In the wake of the explosion that shook the Yale Law School Wednesday, law enforcement officials discovered several weapons in the dorm room of a Yale law student.

One day after the bombing damaged a Law School classroom and lounge but left no one hurt, officials found a semi-automatic rifle, shotguns, and at least one handgun and ammunition in a student’s Law School dorm room Thursday, the Hartford Courant reported.

Officials have not released the name of the student, who was taken into custody late Thursday, the Courant reported. University, local, state and national officials declined to comment on the matter and would not say whether it was connected to the bombing.

“We are not able to discuss the investigation at this time,” said Delcie Thibault, a spokesperson for the Connecticut U.S. Attorney’s Office. “And I am not able to comment on media reports.”

Thibault characterized the investigation into Wednesday’s explosion as a joint effort of federal, state and local officials. The large-scale investigation continued Friday with FBI agents interviewing people who were in the building at the time of the explosion.

Gabriel Sanchez LAW ’05 said he was in the Law School when the bomb exploded. In a Friday morning interview, FBI officials showed Sanchez composite sketches of two individuals they are trying to identify, he said.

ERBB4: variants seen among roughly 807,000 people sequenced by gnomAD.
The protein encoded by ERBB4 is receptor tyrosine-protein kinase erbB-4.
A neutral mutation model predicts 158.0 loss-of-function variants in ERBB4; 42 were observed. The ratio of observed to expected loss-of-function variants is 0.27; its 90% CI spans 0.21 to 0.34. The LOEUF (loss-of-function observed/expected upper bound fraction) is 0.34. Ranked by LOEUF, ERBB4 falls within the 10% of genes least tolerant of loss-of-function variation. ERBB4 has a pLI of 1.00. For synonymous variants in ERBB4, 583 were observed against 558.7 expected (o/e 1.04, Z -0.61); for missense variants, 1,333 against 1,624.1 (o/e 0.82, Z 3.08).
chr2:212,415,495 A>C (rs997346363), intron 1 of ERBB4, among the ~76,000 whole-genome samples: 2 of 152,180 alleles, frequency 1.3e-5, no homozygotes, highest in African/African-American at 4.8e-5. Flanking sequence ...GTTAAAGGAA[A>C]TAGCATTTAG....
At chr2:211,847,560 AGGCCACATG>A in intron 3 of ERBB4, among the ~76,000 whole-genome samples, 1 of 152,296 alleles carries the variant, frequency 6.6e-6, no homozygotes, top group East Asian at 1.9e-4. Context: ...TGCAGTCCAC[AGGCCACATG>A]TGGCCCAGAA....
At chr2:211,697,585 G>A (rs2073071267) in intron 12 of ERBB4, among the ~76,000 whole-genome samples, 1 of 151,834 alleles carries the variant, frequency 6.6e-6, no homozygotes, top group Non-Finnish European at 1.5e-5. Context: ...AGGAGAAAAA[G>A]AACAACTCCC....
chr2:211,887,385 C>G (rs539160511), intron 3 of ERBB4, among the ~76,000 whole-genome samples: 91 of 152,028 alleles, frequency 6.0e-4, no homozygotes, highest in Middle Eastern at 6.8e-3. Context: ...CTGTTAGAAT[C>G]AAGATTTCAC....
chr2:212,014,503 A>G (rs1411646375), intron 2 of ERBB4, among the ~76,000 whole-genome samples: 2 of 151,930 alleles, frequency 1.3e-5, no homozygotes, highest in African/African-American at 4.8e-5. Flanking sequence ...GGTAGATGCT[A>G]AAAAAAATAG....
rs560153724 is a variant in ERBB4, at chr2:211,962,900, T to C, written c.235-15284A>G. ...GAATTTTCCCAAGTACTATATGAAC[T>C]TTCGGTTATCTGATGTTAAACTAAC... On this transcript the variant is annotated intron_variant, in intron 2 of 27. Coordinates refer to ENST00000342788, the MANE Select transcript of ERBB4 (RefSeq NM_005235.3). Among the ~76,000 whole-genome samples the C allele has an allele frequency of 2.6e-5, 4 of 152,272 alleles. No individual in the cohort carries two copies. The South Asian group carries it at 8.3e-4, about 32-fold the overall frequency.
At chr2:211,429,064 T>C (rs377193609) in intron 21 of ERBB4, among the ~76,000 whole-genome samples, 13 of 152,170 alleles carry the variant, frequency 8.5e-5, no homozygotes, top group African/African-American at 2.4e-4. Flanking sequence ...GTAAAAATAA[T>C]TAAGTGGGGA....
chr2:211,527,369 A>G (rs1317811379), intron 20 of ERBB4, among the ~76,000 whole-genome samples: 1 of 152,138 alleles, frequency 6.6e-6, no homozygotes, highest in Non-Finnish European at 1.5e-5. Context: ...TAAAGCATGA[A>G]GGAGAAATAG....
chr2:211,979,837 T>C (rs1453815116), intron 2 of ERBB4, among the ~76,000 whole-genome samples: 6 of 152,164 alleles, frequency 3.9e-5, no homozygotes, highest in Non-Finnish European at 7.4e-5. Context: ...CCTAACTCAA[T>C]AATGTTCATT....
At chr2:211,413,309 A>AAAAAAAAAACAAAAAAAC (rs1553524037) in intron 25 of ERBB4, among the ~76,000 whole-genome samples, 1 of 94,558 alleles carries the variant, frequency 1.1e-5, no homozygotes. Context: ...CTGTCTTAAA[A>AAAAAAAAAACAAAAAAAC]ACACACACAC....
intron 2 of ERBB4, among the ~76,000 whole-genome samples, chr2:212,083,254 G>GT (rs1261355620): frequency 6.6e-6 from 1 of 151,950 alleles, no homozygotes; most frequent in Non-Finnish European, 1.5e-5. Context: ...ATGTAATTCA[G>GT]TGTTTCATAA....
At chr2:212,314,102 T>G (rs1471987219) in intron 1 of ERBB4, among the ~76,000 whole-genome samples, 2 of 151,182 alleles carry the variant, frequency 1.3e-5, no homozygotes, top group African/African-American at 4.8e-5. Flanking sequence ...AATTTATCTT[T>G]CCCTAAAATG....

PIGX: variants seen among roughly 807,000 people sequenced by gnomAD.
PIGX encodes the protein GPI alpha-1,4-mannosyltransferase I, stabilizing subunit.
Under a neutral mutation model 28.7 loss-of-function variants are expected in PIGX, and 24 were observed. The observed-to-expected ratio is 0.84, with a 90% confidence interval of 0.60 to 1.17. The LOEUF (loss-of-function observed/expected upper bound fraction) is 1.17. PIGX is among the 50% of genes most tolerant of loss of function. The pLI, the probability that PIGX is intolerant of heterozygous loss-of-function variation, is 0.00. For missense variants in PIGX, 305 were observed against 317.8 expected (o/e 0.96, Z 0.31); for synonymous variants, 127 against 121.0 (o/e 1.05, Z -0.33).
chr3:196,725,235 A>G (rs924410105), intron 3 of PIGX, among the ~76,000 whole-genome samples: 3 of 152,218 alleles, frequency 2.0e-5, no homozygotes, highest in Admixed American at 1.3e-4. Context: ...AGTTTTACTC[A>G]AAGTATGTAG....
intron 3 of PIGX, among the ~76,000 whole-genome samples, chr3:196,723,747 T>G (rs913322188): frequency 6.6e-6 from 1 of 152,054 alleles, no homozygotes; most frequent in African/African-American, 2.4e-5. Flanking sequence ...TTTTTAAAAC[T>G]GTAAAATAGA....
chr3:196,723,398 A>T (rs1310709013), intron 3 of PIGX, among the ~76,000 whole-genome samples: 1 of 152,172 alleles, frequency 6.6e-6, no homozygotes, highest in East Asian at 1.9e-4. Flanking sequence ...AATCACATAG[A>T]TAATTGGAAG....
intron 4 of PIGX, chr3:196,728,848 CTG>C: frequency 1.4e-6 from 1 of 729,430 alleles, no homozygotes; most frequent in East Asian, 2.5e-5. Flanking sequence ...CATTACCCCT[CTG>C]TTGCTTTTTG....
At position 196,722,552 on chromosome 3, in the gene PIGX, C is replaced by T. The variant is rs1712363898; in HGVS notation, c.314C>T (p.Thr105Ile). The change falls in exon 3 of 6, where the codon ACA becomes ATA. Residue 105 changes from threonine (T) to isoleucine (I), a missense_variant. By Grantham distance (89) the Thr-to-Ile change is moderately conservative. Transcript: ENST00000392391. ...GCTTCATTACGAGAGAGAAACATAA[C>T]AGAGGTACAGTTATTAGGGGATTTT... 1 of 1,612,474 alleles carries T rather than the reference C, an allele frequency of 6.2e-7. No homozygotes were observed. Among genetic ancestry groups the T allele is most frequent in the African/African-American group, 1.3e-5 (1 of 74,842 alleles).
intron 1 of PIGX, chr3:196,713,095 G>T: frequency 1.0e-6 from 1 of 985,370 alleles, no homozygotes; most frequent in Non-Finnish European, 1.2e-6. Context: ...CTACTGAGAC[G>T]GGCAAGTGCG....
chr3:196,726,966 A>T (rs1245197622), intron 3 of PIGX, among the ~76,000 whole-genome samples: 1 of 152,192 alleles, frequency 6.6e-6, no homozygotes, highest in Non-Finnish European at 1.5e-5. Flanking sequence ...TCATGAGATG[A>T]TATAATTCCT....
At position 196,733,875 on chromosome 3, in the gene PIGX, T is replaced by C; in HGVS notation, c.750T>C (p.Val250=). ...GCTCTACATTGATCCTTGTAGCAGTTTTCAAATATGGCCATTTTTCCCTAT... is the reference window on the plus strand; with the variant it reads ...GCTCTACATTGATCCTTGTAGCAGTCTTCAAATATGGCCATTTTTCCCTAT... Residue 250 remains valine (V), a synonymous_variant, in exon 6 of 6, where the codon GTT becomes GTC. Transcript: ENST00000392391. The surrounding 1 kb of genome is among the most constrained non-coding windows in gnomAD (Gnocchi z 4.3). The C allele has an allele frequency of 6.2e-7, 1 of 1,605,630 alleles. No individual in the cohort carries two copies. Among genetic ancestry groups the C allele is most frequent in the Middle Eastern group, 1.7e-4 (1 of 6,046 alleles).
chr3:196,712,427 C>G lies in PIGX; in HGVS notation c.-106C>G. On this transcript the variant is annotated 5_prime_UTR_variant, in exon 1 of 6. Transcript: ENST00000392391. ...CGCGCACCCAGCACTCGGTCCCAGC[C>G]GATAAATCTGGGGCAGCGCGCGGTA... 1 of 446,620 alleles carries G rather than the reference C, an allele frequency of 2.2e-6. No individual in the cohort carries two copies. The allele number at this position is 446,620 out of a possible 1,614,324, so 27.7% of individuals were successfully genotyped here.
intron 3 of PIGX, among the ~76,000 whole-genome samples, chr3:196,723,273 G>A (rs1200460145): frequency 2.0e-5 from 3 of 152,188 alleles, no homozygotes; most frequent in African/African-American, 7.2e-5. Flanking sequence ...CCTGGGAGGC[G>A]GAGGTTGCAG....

“They never mentioned that they’d arrested anyone [for the weapons] or anything of that nature at all,” Sanchez said. “My sense of it is that it was still an ongoing investigation. And they were just asking general things like if we knew anyone who had a vendetta against the school [or someone in it].”

On Thursday, students reported that FBI officials were showing composite sketches of one person during interviews. Carsten Jungmann LAW ’03, who told the News Thursday that he helped the FBI prepare that sketch, said he saw a man in Room 120, the site of the explosion, just two or three minutes prior to the blast. Jungmann said the person was moving “awkwardly.”

Sanchez said the Law School is slowly becoming accessible to students.

“It seems like they’re more or less efficiently getting through opening the building for our use,” Sanchez said. “And people seem to be getting along with their business as best they can.”

Law School Dean Anthony Kronman posted several messages on the school’s Web site describing the updated state of various areas of the Law School building and addressing potential concerns about meals, airline tickets and possessions left in the building during the evacuation.

“There are some limited areas of the Law School that will remain inaccessible for a brief time,” Kronman said. “But our graduates and their families will be able to enjoy nearly all of our majestic building and to celebrate together this culminating moment in their lives at the Yale Law School.”

In an e-mail to the Yale community Friday, University Secretary Linda said the weekend’s Commencement exercises will proceed as scheduled, but additional security will be provided and large bags and satchels will not be allowed during the Commencement activities.

–The Associated Press contributed to this report